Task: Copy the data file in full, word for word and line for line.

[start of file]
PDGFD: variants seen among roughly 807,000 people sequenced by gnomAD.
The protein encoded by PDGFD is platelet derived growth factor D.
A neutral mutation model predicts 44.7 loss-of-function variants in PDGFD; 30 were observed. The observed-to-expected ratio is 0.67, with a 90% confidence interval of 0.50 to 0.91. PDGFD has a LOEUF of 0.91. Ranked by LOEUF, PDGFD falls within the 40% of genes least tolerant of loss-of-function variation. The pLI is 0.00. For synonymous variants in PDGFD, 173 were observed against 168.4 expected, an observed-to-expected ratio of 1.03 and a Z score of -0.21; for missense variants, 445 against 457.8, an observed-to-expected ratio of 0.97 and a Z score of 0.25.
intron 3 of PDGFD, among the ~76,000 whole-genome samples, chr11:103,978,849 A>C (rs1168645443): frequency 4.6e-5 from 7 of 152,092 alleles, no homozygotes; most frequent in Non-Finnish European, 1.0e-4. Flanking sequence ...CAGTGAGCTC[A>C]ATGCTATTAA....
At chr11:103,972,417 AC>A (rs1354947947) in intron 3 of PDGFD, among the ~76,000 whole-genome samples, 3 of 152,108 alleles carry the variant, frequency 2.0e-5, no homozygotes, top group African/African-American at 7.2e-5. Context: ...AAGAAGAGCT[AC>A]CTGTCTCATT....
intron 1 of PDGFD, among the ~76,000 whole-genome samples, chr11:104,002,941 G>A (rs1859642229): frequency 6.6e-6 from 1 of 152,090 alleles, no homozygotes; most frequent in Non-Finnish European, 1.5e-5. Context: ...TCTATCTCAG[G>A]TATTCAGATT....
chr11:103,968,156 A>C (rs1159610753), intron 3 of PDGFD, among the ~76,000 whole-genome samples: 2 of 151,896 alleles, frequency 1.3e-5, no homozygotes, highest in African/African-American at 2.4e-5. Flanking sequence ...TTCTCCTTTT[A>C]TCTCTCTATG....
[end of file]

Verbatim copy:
PDGFD: variants seen among roughly 807,000 people sequenced by gnomAD.
The protein encoded by PDGFD is platelet derived growth factor D.
A neutral mutation model predicts 44.7 loss-of-function variants in PDGFD; 30 were observed. The observed-to-expected ratio is 0.67, with a 90% confidence interval of 0.50 to 0.91. PDGFD has a LOEUF of 0.91. Ranked by LOEUF, PDGFD falls within the 40% of genes least tolerant of loss-of-function variation. The pLI is 0.00. For synonymous variants in PDGFD, 173 were observed against 168.4 expected, an observed-to-expected ratio of 1.03 and a Z score of -0.21; for missense variants, 445 against 457.8, an observed-to-expected ratio of 0.97 and a Z score of 0.25.
intron 3 of PDGFD, among the ~76,000 whole-genome samples, chr11:103,978,849 A>C (rs1168645443): frequency 4.6e-5 from 7 of 152,092 alleles, no homozygotes; most frequent in Non-Finnish European, 1.0e-4. Flanking sequence ...CAGTGAGCTC[A>C]ATGCTATTAA....
At chr11:103,972,417 AC>A (rs1354947947) in intron 3 of PDGFD, among the ~76,000 whole-genome samples, 3 of 152,108 alleles carry the variant, frequency 2.0e-5, no homozygotes, top group African/African-American at 7.2e-5. Context: ...AAGAAGAGCT[AC>A]CTGTCTCATT....
intron 1 of PDGFD, among the ~76,000 whole-genome samples, chr11:104,002,941 G>A (rs1859642229): frequency 6.6e-6 from 1 of 152,090 alleles, no homozygotes; most frequent in Non-Finnish European, 1.5e-5. Context: ...TCTATCTCAG[G>A]TATTCAGATT....
chr11:103,968,156 A>C (rs1159610753), intron 3 of PDGFD, among the ~76,000 whole-genome samples: 2 of 151,896 alleles, frequency 1.3e-5, no homozygotes, highest in African/African-American at 2.4e-5. Flanking sequence ...TTCTCCTTTT[A>C]TCTCTCTATG....